The Irish Times - Friday - The Ticket - - Filmreviews -

BLACK GOLD ar­rives with a big swash­buck­ling whoosh of sand and a clat­ter of camels. Ev­ery­thing about this im­prob­a­ble spec­ta­cle, an old-school Per­sian epic based on Hans Reusch’s novel The Great Thirst, as­pires to the con­di­tion of Lau­rence of Ara­bia.

You see those tanks in the dis­tance? They’re real. You see those camels? Real. You see that cast of thou­sands? Gen­uine ex­tras. Made from peo­ple.

The saga steadily works its way through a list that could have been com­piled by Joseph Camp­bell or Ge­orge Lu­cas. In a myth­i­cal desert space – Tu­nisia and Qatar do the hon­ours – ri­val sul­tans Ne­sib (An­to­nio Ban­deras chan­nel­ing Puss in Boots and Ja­far) and Amar (Mark Strong) give up their claims to no man’s land with an ex­change of hostages. The pro­gres­sive, twin­kling Ne­sib will raise Amar’s two sons, one of whom grows up to be Prince Auda (Ta­har Rahim), a book­ish boy with no ap­par­ent ap­ti­tude for the com­ing po­lit­i­cal strife.

There’s a girl, of course. Ne­sib’s comely daugh­ter Princess Leyla is played by Slum­dog Mil­lion­aire’s Freida Pinto, who does what she can with a flat damsel-in-the-desert sub­plot.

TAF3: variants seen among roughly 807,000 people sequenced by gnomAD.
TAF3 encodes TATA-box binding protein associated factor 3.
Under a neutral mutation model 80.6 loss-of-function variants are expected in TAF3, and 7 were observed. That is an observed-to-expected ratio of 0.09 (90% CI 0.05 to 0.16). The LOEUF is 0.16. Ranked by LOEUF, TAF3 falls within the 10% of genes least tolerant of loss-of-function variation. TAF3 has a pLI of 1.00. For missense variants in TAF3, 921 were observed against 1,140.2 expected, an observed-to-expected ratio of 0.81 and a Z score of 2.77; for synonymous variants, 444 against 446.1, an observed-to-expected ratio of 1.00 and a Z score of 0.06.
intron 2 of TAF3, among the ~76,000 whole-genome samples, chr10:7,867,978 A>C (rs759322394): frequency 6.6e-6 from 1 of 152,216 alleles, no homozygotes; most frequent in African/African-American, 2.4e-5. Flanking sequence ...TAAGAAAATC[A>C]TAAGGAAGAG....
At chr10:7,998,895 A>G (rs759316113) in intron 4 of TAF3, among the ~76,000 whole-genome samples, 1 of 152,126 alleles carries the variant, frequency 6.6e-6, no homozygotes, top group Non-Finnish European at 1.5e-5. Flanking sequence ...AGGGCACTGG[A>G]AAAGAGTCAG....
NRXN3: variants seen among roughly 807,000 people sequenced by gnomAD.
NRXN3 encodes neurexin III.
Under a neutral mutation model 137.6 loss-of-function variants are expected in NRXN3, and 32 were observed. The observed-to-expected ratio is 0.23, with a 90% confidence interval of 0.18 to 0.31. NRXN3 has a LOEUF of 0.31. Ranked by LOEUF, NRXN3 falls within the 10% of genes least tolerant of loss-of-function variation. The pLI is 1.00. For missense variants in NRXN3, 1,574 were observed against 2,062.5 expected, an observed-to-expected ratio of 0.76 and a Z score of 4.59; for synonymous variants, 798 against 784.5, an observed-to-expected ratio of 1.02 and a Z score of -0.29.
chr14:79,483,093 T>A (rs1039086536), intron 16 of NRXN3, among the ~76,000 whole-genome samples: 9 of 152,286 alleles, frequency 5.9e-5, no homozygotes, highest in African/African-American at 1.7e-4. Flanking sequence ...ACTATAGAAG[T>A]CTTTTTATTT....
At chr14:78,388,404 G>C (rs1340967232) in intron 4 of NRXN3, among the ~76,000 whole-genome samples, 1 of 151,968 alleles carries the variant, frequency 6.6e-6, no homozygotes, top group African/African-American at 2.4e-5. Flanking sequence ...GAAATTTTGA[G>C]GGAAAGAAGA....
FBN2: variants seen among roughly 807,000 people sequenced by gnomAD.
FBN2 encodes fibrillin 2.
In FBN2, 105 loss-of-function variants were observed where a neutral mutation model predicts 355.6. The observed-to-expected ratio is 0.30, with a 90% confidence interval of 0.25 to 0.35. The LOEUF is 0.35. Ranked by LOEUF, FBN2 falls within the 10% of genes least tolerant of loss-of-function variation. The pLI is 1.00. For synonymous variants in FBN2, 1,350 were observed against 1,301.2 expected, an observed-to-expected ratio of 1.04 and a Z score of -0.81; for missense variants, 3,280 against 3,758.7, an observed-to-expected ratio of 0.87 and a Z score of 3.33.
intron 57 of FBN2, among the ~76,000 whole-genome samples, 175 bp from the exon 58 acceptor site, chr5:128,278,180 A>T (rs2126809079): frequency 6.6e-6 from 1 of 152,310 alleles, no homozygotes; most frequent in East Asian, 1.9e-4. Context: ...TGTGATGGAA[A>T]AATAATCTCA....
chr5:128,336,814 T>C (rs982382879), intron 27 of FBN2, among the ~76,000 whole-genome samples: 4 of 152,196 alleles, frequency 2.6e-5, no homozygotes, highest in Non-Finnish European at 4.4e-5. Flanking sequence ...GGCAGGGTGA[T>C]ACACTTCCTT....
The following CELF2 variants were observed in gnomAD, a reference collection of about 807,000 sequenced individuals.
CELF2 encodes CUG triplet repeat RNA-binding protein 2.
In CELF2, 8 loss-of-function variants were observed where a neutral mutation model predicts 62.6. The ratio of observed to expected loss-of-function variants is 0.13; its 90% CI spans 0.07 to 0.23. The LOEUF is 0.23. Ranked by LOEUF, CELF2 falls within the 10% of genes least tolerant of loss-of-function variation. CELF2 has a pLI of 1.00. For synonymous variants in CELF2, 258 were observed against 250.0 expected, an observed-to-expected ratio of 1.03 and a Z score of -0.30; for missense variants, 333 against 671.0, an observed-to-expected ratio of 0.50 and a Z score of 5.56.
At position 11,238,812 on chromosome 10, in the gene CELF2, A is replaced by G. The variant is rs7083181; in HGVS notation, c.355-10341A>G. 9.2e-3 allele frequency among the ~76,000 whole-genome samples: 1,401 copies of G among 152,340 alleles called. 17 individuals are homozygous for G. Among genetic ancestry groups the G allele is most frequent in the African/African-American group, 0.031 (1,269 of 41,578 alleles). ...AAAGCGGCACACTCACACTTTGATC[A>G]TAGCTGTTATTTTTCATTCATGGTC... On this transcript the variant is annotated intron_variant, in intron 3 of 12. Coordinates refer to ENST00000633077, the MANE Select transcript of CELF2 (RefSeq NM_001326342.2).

When Amar’s war­mon­ger­ing older son is killed off, it falls to Prince Auda to bridge the di­vide be­tween his adopted fa­ther’s mod­ern as­pi­ra­tions and his bi­o­log­i­cal fa­ther’s tra­di­tional views. But now the Amer­i­can oil­men have started ar­riv­ing with suit­cases of money, there’s a lot more at stake.

There’s a lot to rec­om­mend this lav­ish, $55 mil­lion, en­tirely Arab­fi­nanced pro­duc­tion. The view is sel­dom less than awe­some. The self-de­ter­mined plot works as an an­ti­dote to the gen­er­ally less than favourable Hol­ly­wood rep­re­sen­ta­tions of the same cul­ture. The al­ter­na­tive his­tory that emerges – what if the Mid­dle East could go back and start again with those oil re­serves? – car­ries the scent of the Jas­mine Rev­o­lu­tion.

Still, there’s some­thing un­mis­tak­ably “in­ter­na­tional” about the fin­ished prod­uct. There are a lot of com­pet­ing na­tion­al­i­ties in the cast list and crew, a con­flict you can see in some of the more im­plau­si­ble on­screen pair­ings – Brits vs Spa­niards vs French – and hear in the stilted Tefl-coated di­a­logue. Even A Prophet dy­namo Ta­har Rahim, speak­ing in his third lan­guage af­ter French and Ara­bic, can sound like one of the more earnest Jedi knights.

There are oc­ca­sional non-se­quitors as well. If Princess Leyla, ahem, is the love of Auda’s life, then why does that desert girl trans­fix him dur­ing wartime? Oh. caption

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